Seymour & Knapp, for libelant Hyland & Zabriskie and A. L. Shipman, for claimant. TOWNSEND, District Judge. This is a libel in rem for salvage. At about 7 o'clock on the morning of November 28, 1893, the libelant, Stanley H. Lowndes, with a crew of six men, started in his oyster steamer, the J. Howard Lowndes, from Norwalk harbor, to go to work on his oyster beds in Long Island sound. When they got outside they saw the steaM. barge Ernest M. Munn adrift, about a mile and a quarter from the east end of Copp Island. They went up to her, bow on, and one of the crew jumped aboard. She had been abandoned. Her heavy hawsers had parted, and she was waterlogged. There had been a hard southeast storm through the night, and the water was very rough that morning. The. salvors first attempted to tow her in an easterly direction, but the sea was so rough, and she was so heavy, with her cargo of coal and the water in the hold, that they could not make any progress. They then got her alongside, but she rolled and heaved so heavily that they could not control her, and were in danger of being swamped. Finally they succeeded in towing her very slowly with the sea, by a line from her bow, inside of the Norwalk Islands, where the water was smooth, and from there took her down to Five Mile river, reaching there at about half past 1 in the afternoon, and made her fast to the dock. It is agreed that the value of the barge saved was $2,500, and of the cargo $600, and that the total net freight to destination was $83.08. The libelant's oyster steamer was worth about $15,000. The first question presented is as to the amount of salvage which should properly be allowed, in view of the conditions existing in this case. The barge was derelict and in peril in Long Island sound. She would probably not have drifted ashore for two hours. If she had done so, she probably, although not certainly, would have gone on the rocks of the Norwalk Islands. The time consumed in the salvage service was about 6} hours. The distance towed was about 3} miles. The services rendered were meritorious and successful. They involved danger to the life of the sailor who jumped aboard the barge, and some danger to the salving steamer. Seven men were engaged in the salvage service from 7 :30 in the morning till 1:30 in the afternocn. One good day's work, with good weather, was worth $100 to the libelant, Lowndes. An examination of the salvage cases shows a great diversity in the proportional amounts awarded, by reason of the widely varying conditions. It seems to me that, in cases most nearly resembling the one at bar, the amount of the award has generally approximated 25 per cent. -Qf the value of the property saved. I think such award should be allowed in this case, unless the court is bound to enforce a certain alleged agreement hereafter to be considered. On the second day after the occurrences heretofore stated, the claimant, Calahan, the owner of the barge, came to Five Mile river, and offered to give the salvors $500 and such additional sum as could be obtained from the insurance company for a release of the barge. The salvors refused to settle for less than $800. On the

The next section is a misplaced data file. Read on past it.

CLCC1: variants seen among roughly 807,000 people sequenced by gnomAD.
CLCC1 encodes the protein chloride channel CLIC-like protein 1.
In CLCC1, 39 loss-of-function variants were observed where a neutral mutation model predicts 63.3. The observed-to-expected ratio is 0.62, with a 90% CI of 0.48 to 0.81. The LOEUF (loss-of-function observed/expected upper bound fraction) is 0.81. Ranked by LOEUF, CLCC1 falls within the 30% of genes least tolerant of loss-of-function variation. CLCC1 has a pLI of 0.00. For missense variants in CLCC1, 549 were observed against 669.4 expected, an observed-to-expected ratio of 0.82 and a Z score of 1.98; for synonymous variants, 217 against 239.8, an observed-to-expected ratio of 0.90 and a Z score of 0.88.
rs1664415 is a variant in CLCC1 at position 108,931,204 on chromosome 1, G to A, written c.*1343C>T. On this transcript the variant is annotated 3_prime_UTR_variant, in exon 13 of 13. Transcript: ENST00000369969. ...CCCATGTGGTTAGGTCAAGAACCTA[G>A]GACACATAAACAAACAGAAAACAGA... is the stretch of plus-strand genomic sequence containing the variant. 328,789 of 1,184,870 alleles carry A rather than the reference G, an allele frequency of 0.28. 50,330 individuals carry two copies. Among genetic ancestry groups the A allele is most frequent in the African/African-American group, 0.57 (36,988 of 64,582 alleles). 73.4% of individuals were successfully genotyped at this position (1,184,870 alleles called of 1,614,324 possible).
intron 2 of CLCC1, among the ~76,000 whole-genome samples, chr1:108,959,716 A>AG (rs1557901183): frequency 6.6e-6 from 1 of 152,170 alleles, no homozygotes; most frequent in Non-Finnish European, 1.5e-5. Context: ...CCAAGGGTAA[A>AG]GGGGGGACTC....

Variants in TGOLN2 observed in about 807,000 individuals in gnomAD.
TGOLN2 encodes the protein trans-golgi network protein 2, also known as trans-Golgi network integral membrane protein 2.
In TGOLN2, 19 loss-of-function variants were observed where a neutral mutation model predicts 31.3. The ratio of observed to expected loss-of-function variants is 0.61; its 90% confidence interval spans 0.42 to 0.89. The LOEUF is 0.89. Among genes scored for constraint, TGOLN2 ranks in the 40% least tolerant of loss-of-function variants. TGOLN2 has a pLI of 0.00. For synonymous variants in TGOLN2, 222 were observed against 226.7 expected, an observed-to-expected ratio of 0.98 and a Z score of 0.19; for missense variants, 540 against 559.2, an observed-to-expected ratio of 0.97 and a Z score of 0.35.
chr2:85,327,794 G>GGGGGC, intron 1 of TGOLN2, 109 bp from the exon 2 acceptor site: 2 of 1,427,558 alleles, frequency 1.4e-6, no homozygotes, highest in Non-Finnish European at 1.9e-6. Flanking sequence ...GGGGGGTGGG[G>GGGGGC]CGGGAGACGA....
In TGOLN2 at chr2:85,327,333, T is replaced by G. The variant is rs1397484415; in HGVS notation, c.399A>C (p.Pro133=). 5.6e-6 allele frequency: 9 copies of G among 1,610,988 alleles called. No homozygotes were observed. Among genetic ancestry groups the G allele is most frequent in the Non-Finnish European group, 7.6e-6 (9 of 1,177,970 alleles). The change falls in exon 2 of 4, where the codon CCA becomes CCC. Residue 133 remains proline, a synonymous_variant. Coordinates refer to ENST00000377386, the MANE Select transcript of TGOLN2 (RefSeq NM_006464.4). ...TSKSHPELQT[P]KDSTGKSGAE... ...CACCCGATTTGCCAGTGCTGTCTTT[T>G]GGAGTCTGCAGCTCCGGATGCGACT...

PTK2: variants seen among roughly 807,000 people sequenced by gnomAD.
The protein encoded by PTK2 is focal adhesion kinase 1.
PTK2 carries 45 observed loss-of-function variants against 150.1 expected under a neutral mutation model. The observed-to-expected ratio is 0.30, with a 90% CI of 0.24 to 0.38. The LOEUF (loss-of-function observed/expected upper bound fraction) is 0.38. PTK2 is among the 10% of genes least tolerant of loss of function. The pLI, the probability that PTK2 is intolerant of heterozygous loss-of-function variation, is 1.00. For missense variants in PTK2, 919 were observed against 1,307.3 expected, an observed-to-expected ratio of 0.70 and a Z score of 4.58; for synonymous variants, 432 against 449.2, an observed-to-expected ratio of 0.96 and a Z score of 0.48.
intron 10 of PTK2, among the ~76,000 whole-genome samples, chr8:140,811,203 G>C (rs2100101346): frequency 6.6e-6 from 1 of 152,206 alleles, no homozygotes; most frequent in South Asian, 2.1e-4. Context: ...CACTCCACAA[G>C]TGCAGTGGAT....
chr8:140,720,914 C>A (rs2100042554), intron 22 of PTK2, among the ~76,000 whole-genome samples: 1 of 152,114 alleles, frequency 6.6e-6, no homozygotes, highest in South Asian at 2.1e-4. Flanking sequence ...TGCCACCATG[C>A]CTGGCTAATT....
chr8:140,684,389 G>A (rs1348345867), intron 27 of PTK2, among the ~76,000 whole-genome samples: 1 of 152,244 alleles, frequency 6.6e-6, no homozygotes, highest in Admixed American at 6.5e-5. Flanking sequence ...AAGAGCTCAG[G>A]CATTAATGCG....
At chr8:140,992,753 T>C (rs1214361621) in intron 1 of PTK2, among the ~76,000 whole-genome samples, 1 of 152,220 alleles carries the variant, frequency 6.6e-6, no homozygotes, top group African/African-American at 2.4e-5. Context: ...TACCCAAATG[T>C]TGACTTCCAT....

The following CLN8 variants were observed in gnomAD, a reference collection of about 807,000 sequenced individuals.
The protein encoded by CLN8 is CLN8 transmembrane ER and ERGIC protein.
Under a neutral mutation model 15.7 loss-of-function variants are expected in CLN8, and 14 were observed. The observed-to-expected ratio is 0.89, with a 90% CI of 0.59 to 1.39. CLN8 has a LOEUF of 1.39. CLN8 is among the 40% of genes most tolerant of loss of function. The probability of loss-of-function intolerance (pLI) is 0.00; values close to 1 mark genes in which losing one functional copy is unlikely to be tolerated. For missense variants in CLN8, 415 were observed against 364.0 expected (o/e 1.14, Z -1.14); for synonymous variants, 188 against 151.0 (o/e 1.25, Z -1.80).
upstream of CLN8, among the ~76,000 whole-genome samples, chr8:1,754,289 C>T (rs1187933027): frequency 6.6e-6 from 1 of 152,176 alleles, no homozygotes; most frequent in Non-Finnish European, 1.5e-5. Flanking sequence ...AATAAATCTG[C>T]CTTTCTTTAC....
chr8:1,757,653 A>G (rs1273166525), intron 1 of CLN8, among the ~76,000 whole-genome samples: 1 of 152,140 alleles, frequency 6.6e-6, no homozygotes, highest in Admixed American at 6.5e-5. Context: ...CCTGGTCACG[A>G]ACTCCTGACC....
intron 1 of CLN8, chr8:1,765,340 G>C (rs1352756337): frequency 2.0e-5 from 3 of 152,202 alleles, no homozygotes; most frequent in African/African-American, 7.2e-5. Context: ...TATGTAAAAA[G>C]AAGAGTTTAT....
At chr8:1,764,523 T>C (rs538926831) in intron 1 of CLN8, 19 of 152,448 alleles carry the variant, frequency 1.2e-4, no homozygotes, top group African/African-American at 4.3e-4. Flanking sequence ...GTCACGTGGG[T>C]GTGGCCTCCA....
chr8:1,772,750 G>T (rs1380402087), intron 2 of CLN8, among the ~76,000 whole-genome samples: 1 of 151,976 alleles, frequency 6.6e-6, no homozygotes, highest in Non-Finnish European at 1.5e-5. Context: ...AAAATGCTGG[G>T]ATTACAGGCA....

following Sunday he returned early in the morning with a tugboat, and came up alongside the barge. No one except the claimant was in sight on his tugboat. The libelant, Stanley Lowndes, and several other persons, saw her coming, and ran aboard the barge. The claimant stepped onto the barge, and, when said libelant ordered him off, he reached down to untie the line by which she was made fast. Thereupon Lowndes leveled a gun at the claimant, and again ordered him to get off, "You' get off, or I will kill you." The claimant then called out, "Come on, bOYS," and a crowd of from 11 to 18 men rushed out from the engine room and cook room of claimant's tugboat, made threatening demonstrations, and offered to fig-ht with libelant, Lowndes, and his companions. The claimant said, "We have come to get the boat;" and he challenged Lowndes to go ashore and fight, to' settle the question as to whether the amount to be paid should be $500 01'$800. "Gnder these circumstances, the claimant insisting that he was going to take the barge, boasting that he had $1,500 with him, and that he would give $600 to take the barge, the libelimt, after a consultation with the engineer, said: "If you want to take this barge out of here to-day, you give $600, and I willgiYe you a receipt" Thereupon the money was paid to the engineer, and the boat was released. The claimant understood this payment to· be in full of all claims. He took the barge to Wilson'S point, iIi said district, and left her there. The libelant, Lowndes, immediately thereafter libeled her, and brought her back to Five ]lile river. The claimant had originally deceived the salvors in order to persuade them to reduce the amount of tb.eir claim for salvage, and when he found that they would not accept .his offers, as aforesaid, he gave them to understand that he would go to New York, and see what he could do towards procuring an additional sum from the insurance company for a release of the barge. From the appearance and conduct of the parties and their witnesses upon the hearing, I conclude that the testimony of the salvors is substalltially true, and that the claimant, with his gang of men, came from New York on said Sunday morning with the express purpose of obtaining possession of the barge and a settlementof said claims, by threats and intimidations, pro,ided he could not effect his object by other means. It does not seem to me that the court would be justified in enforcing a settlement made under such conditions as existed in this case. The following citations show that a court will scrutinize salvage agreements, and will not enforce them when they are inequitable or oppressive: Dr. Lushington, in The Helen and George, 1 Swab. 368; rhe Wellington, 48 Fed. 475; The Agnes 1. Grace,· 2 C. C. A. 581, 586, 51 Fed. 958; The Schiedam, 48 Fed. 923; The Alert, 56 Fed. 721, 724; ]lacl. Shipp. 651;2 Pars. Adm. 306, 307.· I think the claim ·of the salvors for $800 was a reasonable and just one, and should be allowed. Let a decree be entered in favor of said salvors for the balance of $200, with costs. The parties may introduce furtper evirlence, if they so desire, as to the proper apportionment of the award.